The business magazine's executives and editors, who have seen the likes of Business 2.0 and Red Herring rack up ad pages and attention, are mulling their own technology title.
"While we have not made any decision, we are obviously considering our options given Fortune's strength in that area and the huge demand for that kind of information," said Jack Haire, Fortune Group president.
E-Company is one working title, insiders at Fortune said.
NEW STAFF BEING CONSIDERED
Top management is weighing whether it's wise to create a new monthly with a separate staff that would focus on technology and its effect on businesses. A month ago, several editorial staffers held meetings to discuss potential story ideas for the spinoff, and developed prototypes of a table of contents.
Marketing staff members conducted an analysis that found nearly 75% of the advertising in start-up books such as Business 2.0, The Industry Standard and Red Herring was from advertisers that didn't run in Fortune, said one insider. That gives credence to the idea that a new title wouldn't cannibalize Fortune.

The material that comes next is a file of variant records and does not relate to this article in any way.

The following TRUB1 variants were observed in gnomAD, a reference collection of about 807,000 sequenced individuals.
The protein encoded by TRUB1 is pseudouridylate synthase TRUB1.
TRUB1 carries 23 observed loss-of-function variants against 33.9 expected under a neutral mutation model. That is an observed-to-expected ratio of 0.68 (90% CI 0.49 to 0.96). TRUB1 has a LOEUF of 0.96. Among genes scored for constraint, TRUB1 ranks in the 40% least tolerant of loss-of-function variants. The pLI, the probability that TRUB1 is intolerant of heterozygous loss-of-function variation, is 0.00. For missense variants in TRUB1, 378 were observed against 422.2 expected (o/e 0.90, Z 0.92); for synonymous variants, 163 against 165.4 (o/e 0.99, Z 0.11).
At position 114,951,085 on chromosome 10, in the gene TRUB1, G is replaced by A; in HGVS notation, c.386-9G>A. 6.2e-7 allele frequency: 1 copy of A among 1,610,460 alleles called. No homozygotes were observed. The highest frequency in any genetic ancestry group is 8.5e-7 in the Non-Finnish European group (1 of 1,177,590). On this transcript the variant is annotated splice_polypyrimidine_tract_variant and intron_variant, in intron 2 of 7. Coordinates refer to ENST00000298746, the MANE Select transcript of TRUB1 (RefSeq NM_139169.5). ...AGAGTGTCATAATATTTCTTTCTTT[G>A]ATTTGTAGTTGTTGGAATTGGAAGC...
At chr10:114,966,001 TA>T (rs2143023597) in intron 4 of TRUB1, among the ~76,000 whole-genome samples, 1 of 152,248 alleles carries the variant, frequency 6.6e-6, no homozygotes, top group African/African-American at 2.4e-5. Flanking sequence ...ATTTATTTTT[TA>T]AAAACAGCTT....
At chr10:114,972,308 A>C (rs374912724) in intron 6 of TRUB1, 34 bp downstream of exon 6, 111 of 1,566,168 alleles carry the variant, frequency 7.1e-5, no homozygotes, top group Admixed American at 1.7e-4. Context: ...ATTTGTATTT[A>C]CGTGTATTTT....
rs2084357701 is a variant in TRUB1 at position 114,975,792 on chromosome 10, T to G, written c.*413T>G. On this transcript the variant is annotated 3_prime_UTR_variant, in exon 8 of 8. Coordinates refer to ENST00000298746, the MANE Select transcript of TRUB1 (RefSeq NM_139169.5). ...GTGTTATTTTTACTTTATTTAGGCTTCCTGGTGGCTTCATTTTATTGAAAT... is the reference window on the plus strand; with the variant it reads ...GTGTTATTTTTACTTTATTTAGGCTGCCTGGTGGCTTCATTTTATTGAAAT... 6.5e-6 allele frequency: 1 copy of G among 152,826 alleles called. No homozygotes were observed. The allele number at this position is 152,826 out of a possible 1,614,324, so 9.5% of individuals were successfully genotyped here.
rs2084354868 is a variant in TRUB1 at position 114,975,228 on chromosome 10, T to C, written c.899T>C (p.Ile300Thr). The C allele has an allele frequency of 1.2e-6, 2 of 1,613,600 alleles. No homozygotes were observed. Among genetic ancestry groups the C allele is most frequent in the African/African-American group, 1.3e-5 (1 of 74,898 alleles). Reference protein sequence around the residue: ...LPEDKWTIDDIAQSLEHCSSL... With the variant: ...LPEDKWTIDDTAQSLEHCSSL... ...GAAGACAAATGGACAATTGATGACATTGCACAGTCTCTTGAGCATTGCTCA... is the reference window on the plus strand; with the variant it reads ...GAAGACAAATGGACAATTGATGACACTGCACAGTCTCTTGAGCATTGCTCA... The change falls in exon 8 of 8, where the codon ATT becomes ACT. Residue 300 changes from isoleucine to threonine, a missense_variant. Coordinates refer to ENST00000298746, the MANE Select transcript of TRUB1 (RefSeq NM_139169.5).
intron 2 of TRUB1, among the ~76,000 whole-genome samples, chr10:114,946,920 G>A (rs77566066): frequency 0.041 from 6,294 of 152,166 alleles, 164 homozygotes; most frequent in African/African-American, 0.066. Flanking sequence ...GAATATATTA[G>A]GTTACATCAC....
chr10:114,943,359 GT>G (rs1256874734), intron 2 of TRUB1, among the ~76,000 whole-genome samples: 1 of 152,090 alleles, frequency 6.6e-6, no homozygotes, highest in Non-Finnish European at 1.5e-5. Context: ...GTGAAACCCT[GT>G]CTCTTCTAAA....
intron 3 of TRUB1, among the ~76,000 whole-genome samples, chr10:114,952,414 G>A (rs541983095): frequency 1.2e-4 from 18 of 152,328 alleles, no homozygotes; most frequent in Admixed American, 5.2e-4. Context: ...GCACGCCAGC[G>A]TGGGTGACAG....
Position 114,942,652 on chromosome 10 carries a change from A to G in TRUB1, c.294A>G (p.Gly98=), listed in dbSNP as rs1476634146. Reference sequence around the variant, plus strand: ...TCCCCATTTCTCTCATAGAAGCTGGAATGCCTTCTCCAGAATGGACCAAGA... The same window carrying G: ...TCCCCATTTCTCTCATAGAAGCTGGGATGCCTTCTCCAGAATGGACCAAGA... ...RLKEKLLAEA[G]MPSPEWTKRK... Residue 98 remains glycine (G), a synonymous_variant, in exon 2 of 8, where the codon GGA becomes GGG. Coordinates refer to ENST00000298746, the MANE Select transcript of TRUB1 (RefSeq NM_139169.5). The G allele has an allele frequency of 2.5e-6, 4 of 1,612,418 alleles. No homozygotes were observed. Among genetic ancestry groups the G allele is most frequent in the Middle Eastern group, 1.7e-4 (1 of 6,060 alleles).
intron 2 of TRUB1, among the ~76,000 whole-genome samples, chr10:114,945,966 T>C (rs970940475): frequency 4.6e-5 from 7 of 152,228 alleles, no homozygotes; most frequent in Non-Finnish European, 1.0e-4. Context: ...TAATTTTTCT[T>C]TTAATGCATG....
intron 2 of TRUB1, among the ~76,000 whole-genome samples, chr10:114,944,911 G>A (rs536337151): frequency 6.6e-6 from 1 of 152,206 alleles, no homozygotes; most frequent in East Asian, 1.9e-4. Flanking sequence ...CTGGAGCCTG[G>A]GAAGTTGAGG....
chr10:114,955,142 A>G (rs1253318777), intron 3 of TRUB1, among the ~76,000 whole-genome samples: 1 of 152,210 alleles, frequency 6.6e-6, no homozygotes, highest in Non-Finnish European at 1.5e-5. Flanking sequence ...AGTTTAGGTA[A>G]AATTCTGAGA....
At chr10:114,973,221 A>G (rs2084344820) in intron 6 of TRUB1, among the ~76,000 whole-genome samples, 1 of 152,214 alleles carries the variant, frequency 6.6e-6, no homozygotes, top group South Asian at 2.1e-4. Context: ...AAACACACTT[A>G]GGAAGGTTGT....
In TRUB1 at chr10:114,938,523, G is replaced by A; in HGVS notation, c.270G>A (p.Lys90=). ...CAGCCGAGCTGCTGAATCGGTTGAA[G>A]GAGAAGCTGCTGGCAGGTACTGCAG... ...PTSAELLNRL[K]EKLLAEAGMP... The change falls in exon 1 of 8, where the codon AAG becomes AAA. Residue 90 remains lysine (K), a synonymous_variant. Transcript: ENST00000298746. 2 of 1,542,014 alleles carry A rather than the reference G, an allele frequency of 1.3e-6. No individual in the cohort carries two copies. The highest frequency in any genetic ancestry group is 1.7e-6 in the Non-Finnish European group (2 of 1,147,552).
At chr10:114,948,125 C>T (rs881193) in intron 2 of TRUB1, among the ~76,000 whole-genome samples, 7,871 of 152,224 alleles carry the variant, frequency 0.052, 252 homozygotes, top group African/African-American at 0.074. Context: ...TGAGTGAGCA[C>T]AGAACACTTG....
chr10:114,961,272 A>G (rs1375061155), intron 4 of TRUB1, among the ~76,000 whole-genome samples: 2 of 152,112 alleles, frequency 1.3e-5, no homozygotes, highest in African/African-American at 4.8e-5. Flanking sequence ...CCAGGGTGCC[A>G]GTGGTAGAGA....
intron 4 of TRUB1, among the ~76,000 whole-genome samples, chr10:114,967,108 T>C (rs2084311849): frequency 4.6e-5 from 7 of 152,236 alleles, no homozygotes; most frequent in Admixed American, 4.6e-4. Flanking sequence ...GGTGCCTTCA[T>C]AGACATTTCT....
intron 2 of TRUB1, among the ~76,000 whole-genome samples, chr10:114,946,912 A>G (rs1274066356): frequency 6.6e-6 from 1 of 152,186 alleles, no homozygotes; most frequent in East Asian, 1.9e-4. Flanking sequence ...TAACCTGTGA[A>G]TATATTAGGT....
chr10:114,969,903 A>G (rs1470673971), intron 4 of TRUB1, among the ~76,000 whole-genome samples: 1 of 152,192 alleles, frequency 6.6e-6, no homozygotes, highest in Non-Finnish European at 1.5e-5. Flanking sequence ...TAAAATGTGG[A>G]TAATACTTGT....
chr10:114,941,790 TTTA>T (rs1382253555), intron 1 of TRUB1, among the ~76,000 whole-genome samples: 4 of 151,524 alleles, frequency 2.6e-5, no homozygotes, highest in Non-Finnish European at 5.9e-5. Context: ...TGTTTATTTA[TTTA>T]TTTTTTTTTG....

Among the topics still under discussion: What slice of the market the new title would cover and how large a circulation it would seek, said one executive close to the talks.
Fortune has beefed up technology coverage lately, ever since Managing Editor John Huey joined two years ago.
One reason for the newcomers' ad-page success is their much lower rates. Fortune, with a guaranteed rate base of 775,000, charges $67,500 for a color page ad.
Red Herring, with its rate base of 130,000, charges $16,895 for a color page; The Industry Standard, at a 100,000 rate base, sets ad rates for a similar page at just $12,700. That's before discounts kick in.
Many of the ads are from smaller companies with limited ad budgets, such as yesmail.com (www.yesmail.com) and OpenSite Technologies (opensite.com).
The 1990s have proven a prolific decade for Time Inc. launches; it now boasts a stable of 33 titles. President-CEO Don Logan has encouraged magazine group presidents to explore spinoff possibilities. Since 1990, a dozen new titles were established, including Coastal Living, In Style, Teen People, Time for Kids, Time Digital and This Old House.
Fortune, unlike People or Time, so far has resisted the urge, although it has